Grace for Granted
This week we begin our discussion of grace from an axiomatic view. Not surprisingly, the word comes from the root word “axiom” from which another semi=popular word is derived, “maxim”. Axiom I comes from a Greek word meaning authority and the word itself is best defined as “that which is seen as fit”. Today axioms are those items which are seen as self-evident, those truths which are taken for granted.
The atrocities of war are horrible and one of the reasons for avoiding war if at all possible. There is no grace in war although many times simple acts of kindness become self-evident during the course of a war. The young Jewish teenager known to the world as Anne Frank lived a life as the recipient of grace, at least for a short time. Denied the right to immigrate to the United States by the USA, Anne Frank’s family needed a place to live, a place safe from the Nazi soldiers who were corralling all those of the Jewish faith and forcing them to live and die in concentration camps. For a period of time, the Frank family hid in the attic of a benevolent family. They received grace in staying alive because of this family but upon discovery, all grace ceased. Anne Frank kept a journal which her father later published. Both Anne and her sister died while in horrid captivity at a concentration camp, just weeks before they would have been rescued by Allied troops.
The journal of Anne Frank bespoke of the grace she found after the life she had lived and taken for granted was taken from her. It is a warning to us all to never take grace for granted because someone might let their ego convince them grace is a useless commodity which has no value.
The world was horrified as the true meaning and reality of the Nazi concentration camps came to light. The media was severely handicapped in the 1930’s and 40’s by the lack of technology and news did not travel within mili-seconds like it does today. As the Allies regained control, truth bore witness to the depravities and atrocities that man could inflict upon one another.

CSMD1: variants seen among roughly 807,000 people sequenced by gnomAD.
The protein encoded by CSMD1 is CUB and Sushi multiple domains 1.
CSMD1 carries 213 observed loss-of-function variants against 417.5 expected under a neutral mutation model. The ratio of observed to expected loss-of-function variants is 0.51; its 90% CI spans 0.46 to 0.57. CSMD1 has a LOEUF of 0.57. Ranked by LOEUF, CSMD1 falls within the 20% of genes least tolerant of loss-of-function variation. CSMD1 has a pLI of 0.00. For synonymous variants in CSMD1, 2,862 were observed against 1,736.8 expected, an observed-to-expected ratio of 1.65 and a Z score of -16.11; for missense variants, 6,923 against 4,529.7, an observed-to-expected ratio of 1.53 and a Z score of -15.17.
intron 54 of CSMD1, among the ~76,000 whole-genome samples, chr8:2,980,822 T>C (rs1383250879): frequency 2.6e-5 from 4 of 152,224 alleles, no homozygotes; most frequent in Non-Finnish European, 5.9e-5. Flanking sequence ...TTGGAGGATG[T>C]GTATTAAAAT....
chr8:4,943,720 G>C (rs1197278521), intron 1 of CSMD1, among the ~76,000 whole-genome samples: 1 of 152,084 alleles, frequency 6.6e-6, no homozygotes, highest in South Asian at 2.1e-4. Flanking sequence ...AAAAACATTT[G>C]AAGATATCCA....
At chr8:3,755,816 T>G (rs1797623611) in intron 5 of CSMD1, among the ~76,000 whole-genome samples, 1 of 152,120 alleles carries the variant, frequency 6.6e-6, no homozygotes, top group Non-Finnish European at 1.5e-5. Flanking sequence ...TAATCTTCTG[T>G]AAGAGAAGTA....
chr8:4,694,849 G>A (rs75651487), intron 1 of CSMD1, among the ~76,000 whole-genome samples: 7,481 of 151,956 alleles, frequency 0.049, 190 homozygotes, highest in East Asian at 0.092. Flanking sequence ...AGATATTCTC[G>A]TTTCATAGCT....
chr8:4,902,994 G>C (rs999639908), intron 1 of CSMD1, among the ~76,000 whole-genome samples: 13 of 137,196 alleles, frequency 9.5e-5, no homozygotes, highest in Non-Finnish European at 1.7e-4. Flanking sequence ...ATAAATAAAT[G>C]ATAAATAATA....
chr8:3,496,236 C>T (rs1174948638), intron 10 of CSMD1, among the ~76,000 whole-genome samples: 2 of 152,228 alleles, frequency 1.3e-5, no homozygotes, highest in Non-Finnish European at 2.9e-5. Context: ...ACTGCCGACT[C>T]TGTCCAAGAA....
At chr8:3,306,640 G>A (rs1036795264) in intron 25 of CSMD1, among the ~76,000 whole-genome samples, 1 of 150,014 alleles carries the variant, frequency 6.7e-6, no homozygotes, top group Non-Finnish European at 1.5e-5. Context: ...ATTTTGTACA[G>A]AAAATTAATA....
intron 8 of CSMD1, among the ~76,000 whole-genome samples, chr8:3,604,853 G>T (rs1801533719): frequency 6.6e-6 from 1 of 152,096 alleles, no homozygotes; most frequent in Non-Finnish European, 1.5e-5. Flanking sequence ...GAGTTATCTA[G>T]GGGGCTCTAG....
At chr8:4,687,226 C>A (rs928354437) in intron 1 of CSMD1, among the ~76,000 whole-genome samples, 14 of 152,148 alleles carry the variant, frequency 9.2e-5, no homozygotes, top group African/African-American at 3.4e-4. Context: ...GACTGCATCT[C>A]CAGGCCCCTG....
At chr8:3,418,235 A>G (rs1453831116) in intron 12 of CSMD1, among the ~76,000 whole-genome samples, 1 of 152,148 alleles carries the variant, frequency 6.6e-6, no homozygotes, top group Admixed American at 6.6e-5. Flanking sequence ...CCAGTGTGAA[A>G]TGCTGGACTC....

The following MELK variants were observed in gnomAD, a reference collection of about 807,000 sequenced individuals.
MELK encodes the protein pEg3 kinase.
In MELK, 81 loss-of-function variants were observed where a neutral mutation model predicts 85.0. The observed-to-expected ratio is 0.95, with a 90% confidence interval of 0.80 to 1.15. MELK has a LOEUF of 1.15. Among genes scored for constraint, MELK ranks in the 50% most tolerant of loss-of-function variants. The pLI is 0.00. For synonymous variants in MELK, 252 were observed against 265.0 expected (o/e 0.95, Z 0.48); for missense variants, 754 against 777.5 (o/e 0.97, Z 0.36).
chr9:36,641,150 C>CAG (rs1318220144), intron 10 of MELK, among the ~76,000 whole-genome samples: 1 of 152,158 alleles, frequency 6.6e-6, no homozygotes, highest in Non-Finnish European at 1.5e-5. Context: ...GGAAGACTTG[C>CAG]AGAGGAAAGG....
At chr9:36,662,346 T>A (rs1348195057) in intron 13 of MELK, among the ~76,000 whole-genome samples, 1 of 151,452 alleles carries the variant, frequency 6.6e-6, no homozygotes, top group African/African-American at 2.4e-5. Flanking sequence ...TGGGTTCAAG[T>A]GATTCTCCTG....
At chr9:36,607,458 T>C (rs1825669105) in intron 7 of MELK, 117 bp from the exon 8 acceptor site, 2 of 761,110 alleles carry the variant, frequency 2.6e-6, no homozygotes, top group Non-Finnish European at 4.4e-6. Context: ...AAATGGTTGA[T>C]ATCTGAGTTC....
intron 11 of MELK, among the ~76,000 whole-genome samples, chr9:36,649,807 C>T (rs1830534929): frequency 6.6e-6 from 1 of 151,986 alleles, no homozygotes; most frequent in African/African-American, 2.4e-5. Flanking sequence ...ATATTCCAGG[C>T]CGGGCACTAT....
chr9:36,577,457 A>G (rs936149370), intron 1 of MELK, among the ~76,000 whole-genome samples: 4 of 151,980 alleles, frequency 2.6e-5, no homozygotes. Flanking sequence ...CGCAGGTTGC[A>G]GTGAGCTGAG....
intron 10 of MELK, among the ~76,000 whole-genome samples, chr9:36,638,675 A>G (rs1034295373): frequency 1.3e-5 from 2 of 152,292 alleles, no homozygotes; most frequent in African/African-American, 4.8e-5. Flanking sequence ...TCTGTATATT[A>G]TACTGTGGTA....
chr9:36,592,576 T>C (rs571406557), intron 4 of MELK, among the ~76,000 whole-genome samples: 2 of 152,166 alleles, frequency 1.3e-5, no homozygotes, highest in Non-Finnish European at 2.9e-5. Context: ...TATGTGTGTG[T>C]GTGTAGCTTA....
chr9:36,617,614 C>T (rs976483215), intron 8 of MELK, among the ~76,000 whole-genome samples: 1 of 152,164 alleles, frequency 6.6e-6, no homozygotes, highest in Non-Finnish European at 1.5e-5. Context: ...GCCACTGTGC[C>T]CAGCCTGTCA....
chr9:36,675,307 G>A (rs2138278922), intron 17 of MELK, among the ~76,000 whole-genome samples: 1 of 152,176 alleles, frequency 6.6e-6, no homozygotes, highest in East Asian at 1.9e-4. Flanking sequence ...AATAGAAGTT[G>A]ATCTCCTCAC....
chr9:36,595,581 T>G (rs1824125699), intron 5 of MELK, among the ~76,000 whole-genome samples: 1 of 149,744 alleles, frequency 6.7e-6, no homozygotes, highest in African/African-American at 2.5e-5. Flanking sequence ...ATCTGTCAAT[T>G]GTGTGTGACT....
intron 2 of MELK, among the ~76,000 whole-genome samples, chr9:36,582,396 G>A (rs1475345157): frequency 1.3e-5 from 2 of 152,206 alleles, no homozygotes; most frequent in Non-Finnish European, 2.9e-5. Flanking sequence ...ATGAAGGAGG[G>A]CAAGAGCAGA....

Today, however, is another age. In the twenty-first century, we have the ability to connect with others around the world in the blink of an eye. We have no excuse to ignore the lack of grace when mayhem, chaos, carnage, and destruction reigns down on the innocent. We cannot and should not assume an axiomatic stance toward grace. When mass killings occur, there is no grace to be found.
If you have ever read the Diary of Anne Frank and marveled at the tenacity of a young girl while destruction bore down on her, then look no further than the slaughter occurring today in Aleppo, Syria for an incredible parallel. Government military forces, backed by Syria’s President and Russian President Vladimir Putin are butchering civilians in their homes as the city falls. The situation is complicated, and there are no quick solutions.
There’s a great and important conversation to be had about the role of nations becoming a part of the history of other nations in the world today, but this isn’t the time. The question before us with the Syrian situation is not one of politics but of grace. One thing must be clear: The guilt and shame of these deaths lie on all of us, on the murderers themselves.
We must ignore the politicians both in the US and abroad who seek to flirt with men like Vladmir Putin for the sake of crony capitalism. We need to exercise grace and act so that action prevents the immoral who enable children to be executed in the streets.
The dozens of those who claim Christian or Jewish or Islamic values, who knowingly risked the safety of thousands for their own comfort and political expediency, do not portray the grace of their beliefs when they allow such slaughter to occur but rather the humiliation of their failure to act with grace. They are just the men and women in suits who play dice with the lives of millions from behind finely polished desks a world away.
Shame also extends to the citizens of countries throughout the world who are more concerned with selfish nationalistic interests than the basic human rights of people who don’t look like us. There are billions of the faithful, religious and spiritualists who recoil in horror and then change the channel when the news bespeaks of these horrors, ignoring the most basic of mandates from their Creator.
We must take action and not take for granted that grace lives. It lives in the world only when we act, supporting those who are at the front lines offering sanctuary, aid, food, and medical comfort. As we live grace by helping, we must also extend grace to both the slaughtered and the butchers. Grace is not multiple choice. Ernest Hemingway once said “Courage is grace under pressure.” An axiom is any mathematical statement that serves as a starting point from which other statements are logically derived. Our axiom is that grace is real. Therefore, the axiomatic approach concludes that, once established as being viable, grace can accomplish wonders. Can you find the courage to do something and extend grace today?